How To Make Good Proactive Maintenance Decisions

money diceI got a reminder notice in the mail last week from a company whose business is the proactive maintenance of domestic hot water heaters.

Now, you might be thinking: “How could anyone make a business out of that?” Well, the hot water heater in my house, like thousands of others, is a storage type – basically a tank of water heated by gas. But the steel tank has a sacrificial anode installed to protect it from corrosion and therefore extend its life.

I had the anode replaced three years ago. And the letter is to remind me it is now due for inspection. But from past experience, I know the anode will be spent. The cost of a new anode is $150. What to do?

If you’re responsible for keeping hydraulic equipment running, this is the sort of decision you have to make on a regular basis: do I spend a modest amount of money now to avoid an expensive disaster down the track?

In the case of my hot water heater, $150 is not a life-changing amount of money. Still, it would be very easy to sit on my hands and do nothing. After all, replacing the anode will do nothing to enhance its performance; I won’t get a better shower in the morning.

But that’s why it’s called proactive maintenance. Proactive maintenance requires accurate thinking, followed by appropriate action – or in some cases, intentional inaction.

Since ignoring the reminder notice is neither of the above, some accurate analysis is required. My brother-in-law is a plumber, and he reckons if the anode is replaced every 3 to 4 years, the water heater should last at least 12. But it could rust out in as little as 6 without anode replacement. A new unit is around $1200 excluding installation. And Murphy’s Law suggests it will rust out during the Christmas holidays when my Mother-in-law wants to wash her hair. Plus, assuming I can get hold of a plumber at that time of the year, he’ll want a king’s ransom just to show up.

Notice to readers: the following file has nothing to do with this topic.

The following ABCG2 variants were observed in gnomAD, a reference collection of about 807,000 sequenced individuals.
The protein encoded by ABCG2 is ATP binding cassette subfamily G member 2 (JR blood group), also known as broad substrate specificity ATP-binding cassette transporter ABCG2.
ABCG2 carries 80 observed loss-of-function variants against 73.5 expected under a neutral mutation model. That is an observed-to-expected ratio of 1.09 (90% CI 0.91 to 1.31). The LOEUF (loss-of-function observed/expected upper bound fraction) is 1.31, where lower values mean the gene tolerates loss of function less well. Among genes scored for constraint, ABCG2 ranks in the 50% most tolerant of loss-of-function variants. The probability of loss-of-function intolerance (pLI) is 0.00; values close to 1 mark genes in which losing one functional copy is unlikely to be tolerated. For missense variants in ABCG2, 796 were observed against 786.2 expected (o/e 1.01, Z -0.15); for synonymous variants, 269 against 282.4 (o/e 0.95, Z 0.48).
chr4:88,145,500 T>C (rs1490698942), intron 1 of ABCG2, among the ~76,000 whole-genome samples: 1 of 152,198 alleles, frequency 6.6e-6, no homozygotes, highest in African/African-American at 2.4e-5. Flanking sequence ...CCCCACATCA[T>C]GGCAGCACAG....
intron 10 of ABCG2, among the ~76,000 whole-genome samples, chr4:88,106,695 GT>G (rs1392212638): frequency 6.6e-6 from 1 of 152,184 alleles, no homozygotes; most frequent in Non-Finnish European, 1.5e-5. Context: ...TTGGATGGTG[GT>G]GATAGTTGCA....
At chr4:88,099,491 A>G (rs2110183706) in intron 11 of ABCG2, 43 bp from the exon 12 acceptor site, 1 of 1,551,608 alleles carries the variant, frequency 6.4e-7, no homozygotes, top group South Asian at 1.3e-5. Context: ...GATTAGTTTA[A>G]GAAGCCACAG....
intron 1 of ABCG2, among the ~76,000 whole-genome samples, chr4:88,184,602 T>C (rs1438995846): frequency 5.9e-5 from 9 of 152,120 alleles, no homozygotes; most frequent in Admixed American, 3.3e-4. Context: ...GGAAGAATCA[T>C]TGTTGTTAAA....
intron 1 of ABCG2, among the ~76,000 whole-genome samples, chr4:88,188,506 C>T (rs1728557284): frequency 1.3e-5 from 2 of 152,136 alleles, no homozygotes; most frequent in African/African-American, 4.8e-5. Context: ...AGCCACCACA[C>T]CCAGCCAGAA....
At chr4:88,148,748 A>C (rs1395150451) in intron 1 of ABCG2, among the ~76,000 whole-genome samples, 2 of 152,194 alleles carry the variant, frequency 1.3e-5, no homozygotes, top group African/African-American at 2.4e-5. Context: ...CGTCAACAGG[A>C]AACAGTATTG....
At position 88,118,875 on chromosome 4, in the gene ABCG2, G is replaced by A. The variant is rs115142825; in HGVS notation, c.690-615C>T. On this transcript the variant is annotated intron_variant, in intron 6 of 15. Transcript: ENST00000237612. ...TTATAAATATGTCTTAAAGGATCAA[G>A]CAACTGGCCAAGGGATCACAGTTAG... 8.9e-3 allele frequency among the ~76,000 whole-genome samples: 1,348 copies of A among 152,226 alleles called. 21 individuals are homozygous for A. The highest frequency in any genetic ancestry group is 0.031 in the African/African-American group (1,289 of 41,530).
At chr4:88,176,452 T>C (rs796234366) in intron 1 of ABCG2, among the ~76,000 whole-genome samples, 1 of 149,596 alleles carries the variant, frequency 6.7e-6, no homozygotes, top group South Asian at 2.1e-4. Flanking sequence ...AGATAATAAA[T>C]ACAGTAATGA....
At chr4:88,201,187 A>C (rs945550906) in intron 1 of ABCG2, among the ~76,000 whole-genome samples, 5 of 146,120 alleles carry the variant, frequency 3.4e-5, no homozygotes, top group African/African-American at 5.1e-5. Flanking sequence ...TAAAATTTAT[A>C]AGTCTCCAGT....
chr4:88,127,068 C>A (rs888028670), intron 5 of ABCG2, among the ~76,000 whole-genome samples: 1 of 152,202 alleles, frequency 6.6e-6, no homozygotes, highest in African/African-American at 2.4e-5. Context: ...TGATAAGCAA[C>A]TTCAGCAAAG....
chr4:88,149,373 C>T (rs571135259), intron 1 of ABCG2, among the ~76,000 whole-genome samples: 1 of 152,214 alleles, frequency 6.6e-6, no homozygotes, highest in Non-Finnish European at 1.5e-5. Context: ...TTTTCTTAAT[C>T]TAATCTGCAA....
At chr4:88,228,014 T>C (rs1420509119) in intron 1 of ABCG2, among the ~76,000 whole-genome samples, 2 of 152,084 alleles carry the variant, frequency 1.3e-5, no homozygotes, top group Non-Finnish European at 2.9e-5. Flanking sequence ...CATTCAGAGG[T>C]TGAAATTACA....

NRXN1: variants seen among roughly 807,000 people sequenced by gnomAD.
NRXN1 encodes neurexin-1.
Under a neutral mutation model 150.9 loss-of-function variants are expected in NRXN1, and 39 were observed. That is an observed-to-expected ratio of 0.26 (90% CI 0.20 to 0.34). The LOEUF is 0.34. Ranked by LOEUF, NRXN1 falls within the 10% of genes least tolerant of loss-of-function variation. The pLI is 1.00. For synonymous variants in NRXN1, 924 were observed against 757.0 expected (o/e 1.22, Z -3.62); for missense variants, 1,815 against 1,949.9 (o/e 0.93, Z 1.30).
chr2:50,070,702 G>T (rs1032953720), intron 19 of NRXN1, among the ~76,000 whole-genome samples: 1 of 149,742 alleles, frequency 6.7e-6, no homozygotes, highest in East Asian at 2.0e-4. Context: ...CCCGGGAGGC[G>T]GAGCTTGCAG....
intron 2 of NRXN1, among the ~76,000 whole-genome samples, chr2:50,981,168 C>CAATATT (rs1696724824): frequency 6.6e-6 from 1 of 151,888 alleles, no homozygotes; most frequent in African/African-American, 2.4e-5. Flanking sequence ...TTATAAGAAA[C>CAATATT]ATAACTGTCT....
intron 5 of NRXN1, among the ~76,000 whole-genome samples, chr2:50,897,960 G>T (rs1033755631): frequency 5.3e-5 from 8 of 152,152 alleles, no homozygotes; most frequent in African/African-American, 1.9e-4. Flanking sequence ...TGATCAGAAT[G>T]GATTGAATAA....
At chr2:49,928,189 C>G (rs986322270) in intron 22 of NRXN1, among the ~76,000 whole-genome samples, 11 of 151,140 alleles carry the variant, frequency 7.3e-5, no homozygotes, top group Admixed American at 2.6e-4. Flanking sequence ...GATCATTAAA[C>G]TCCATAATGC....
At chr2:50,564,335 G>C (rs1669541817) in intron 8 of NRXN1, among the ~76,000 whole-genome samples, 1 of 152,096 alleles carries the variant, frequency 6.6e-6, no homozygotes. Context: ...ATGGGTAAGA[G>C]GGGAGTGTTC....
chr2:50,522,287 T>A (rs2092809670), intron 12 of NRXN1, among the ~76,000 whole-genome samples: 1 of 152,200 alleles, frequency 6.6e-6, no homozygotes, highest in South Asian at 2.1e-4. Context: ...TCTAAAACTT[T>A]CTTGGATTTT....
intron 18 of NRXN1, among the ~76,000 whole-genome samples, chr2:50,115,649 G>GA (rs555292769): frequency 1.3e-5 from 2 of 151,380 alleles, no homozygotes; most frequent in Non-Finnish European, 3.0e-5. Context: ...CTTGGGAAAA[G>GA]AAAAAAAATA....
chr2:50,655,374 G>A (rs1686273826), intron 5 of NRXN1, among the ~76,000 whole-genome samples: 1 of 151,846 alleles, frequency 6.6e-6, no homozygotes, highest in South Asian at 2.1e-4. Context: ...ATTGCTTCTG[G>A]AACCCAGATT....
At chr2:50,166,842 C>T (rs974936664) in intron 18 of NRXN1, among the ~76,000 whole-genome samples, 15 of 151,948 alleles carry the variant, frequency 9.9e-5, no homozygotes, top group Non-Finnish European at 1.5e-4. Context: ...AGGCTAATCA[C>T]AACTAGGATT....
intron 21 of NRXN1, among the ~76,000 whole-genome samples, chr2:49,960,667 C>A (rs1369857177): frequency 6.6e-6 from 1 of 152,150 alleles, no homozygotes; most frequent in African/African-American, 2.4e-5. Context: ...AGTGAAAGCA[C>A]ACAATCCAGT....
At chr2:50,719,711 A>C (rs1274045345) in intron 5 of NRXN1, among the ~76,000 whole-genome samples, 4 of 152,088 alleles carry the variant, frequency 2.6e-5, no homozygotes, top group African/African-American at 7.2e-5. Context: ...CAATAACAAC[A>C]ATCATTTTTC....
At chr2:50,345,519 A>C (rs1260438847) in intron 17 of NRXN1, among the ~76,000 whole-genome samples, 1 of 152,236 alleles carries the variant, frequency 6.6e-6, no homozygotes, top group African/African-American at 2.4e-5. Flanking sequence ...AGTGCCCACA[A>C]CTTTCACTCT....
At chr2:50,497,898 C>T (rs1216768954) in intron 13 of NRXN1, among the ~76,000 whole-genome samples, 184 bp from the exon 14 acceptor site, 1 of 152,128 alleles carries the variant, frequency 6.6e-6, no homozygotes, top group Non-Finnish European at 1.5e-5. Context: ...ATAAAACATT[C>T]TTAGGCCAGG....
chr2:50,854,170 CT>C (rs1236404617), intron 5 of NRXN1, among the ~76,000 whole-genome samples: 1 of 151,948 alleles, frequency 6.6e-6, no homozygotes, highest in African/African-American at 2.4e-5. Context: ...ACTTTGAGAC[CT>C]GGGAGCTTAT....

Without factoring in the consequences of my Mother-in-law having to choose between a cold shower or a bad hair day, the numbers are not hard to crunch: without any anode replacements, assuming a service life of 6 years, then after 12 years I will have replaced two water heaters at a cost of $2400 (2 x $1200). If I replace the anode at years 3, 6 and 9 – and the complete hot-water unit at 12 years, the total cost over 12 years is $1650 ($1200 + 3 x $150).  So I am in front by $750 ($2400 – $1650) worth having.

The return on investment (ROI) is even more impressive: I have invested $450 to save $750, and ROI of 67% (750/450 -1 x 100). I won’t get that sort of return by leaving the money in the bank.

But what if my water heater doesn’t make it to the 12-year mark? Say it rusts out in 8 years. Well, based on a 6 year life without anode replacement, and a unit replacement value of $1200, each year of service life extension is worth $200 ($1200/6 = $200).

So say I replaced the anode twice at years 3 and 6 for a total cost of $300 (2 x $150) but only got 8 years out of the unit. Those 2 years of life extension are worth $400. In this case I am only $100 in front after deducting the cost of two anode replacements ($400 – $300 = $100). But even in this worst case scenario I’m still better off.

So based on this analysis I feel confident that getting the anode replaced now (year 6) is a sensible proactive maintenance decision.

“That’s great Brendan, but what’s it got to do with me?” I can hear you thinking. Well, if you’re a hydraulic equipment owner, or work for one, consider this your reminder notice. What proactive maintenance decisions are you putting off or procrastinating about?

Of course, as the above example illustrates, to make informed decisions in these matters you need accurate information about your hydraulic equipment. And that’s another reason to get plugged-in to the resources available at:

Leave a Reply

Your email address will not be published. Required fields are marked *